Not a month after dropping a fast-paced Pre-Fall 2023 collection in Seoul, South Korea, Nicolas Ghesquière transports us to a whole new world with Louis Vuitton Cruise 2024 at Lake Maggiore in Italy. The excursion marks the French house’s first-ever show in its neighbouring nation—an apt choice given its newly appointed CEO, Pietro Beccari, is Italian.
The low-key neighbour of the star-studded Lake Como, Maggiore sits along the sprawling border of the Swiss Alps. But unlike the Amalfi’s vibrant coastline, Italy’s Northern lakes possess a more esoteric beauty. “There are beautiful places to go in Italy,” Ghesquière explained, “but the lakes are so mysterious.”
Though the show was set to take place amidst the gardens of Isola Bella, a tiny private island that has been owned by the Borromeo family for 500 years, the weather got in the way. Rain may have inhibited a sunset show and afterparty, but an earlier runway was staged for imagery while the LV team seamlessly pivoted to an indoor show that saw Catherine Deneuve, Oprah Winfrey, and Cate Blanchett, plus 1,000 or so other guests under one roof.
As the first few looks came down the makeshift runway, it was clear why Ghesquière chose a waterside venue. With gill ruffs, fin-like fluted hems, neoprene sets and water droplet embellishments, models appeared as water natives.
“We started with the idea that the girls were coming from the water, like mermaids of the lake, and they’re transforming into something else,” the creative director said of his inspiration.
But instead of the typical designs we see when referencing the fairytales of sirens, Ghesquière pushes the boundaries of our imagination, creating a world where creatures of the lagoon don’t hide in the weeds but stand formidably.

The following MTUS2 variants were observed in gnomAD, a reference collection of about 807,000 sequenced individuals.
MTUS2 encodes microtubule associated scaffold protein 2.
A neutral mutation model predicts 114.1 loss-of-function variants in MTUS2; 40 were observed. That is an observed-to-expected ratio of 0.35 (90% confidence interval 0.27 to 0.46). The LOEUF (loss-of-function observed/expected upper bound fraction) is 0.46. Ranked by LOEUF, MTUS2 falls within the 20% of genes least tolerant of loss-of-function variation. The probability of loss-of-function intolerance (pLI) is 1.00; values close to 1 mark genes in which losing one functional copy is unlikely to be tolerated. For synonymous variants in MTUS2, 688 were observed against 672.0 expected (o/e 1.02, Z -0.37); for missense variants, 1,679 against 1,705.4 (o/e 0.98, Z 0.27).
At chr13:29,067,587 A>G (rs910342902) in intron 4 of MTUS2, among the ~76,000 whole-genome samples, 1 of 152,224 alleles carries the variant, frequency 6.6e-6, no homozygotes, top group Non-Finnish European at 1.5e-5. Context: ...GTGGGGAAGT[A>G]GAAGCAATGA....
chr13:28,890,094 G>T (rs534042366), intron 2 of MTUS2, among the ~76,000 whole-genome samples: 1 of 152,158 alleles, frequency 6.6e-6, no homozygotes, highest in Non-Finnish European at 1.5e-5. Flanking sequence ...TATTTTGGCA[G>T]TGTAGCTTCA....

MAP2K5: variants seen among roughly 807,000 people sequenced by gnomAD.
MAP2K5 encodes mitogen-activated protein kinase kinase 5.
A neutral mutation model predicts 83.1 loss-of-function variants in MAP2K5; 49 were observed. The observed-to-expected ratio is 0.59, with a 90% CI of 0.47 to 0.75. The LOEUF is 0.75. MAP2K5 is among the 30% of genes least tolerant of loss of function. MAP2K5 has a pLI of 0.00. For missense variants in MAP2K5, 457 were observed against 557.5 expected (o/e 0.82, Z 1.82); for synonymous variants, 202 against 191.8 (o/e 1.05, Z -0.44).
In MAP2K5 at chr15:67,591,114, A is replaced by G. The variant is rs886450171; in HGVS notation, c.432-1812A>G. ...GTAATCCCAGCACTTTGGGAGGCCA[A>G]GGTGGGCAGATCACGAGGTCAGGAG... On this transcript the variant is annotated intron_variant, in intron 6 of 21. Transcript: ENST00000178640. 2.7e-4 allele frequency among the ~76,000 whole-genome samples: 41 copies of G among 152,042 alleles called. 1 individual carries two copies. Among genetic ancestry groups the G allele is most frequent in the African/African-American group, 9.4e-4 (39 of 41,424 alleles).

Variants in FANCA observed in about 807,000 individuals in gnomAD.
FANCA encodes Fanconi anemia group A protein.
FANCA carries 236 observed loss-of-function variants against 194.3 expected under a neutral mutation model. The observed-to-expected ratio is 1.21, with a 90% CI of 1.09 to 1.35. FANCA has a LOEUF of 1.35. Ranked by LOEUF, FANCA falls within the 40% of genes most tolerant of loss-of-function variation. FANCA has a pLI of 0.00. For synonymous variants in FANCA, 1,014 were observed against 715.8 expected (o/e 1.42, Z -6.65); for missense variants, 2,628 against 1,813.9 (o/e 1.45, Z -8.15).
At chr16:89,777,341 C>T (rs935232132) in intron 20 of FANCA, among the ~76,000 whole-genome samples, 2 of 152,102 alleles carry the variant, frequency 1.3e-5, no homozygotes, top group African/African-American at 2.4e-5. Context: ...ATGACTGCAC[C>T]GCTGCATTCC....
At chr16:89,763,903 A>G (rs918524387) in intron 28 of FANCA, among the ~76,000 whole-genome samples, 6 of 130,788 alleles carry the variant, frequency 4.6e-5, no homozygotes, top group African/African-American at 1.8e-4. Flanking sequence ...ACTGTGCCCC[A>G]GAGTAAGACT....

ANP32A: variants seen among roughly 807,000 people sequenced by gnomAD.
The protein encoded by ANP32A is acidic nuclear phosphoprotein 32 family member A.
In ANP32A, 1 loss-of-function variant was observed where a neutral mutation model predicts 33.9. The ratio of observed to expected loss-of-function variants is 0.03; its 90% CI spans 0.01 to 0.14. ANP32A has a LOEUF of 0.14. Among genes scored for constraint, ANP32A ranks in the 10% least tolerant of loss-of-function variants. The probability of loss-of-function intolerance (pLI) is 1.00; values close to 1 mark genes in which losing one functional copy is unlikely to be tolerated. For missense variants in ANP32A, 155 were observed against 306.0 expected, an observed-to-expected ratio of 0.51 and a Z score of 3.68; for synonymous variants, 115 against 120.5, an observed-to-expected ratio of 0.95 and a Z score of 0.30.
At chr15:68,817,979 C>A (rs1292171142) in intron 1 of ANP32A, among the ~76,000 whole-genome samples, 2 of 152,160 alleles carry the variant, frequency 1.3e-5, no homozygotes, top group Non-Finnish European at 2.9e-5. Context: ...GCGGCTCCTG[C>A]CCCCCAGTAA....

Further along, the undertones of sci-fi athleisure and overt aquatic motifs evolved. Hard fabrics conceded into intricate shapes, scales were arranged in floral patterns, and tailoring sharpened up. Shoes were either slouched boots or sporty sneakers, but the accessories that really stole our gaze came in the form of baroque headgear, each one custom-made for the show by a Roman atelier that creates for operas and films.
The result was a romantic journey where mermaids emerge from the lake, find their own way, and ultimately flourish—represented in the seven ethereal ruffled dresses that made up the closing looks. A mixture of silk, organza, and lace, the pastel-hued gowns were a striking departure from Ghesquière’s usual unisex approach to design. But where he made his touch known was in the sculptural shapes of these pieces, each one uniquely draped and taking life as the models walked for large-scale impact.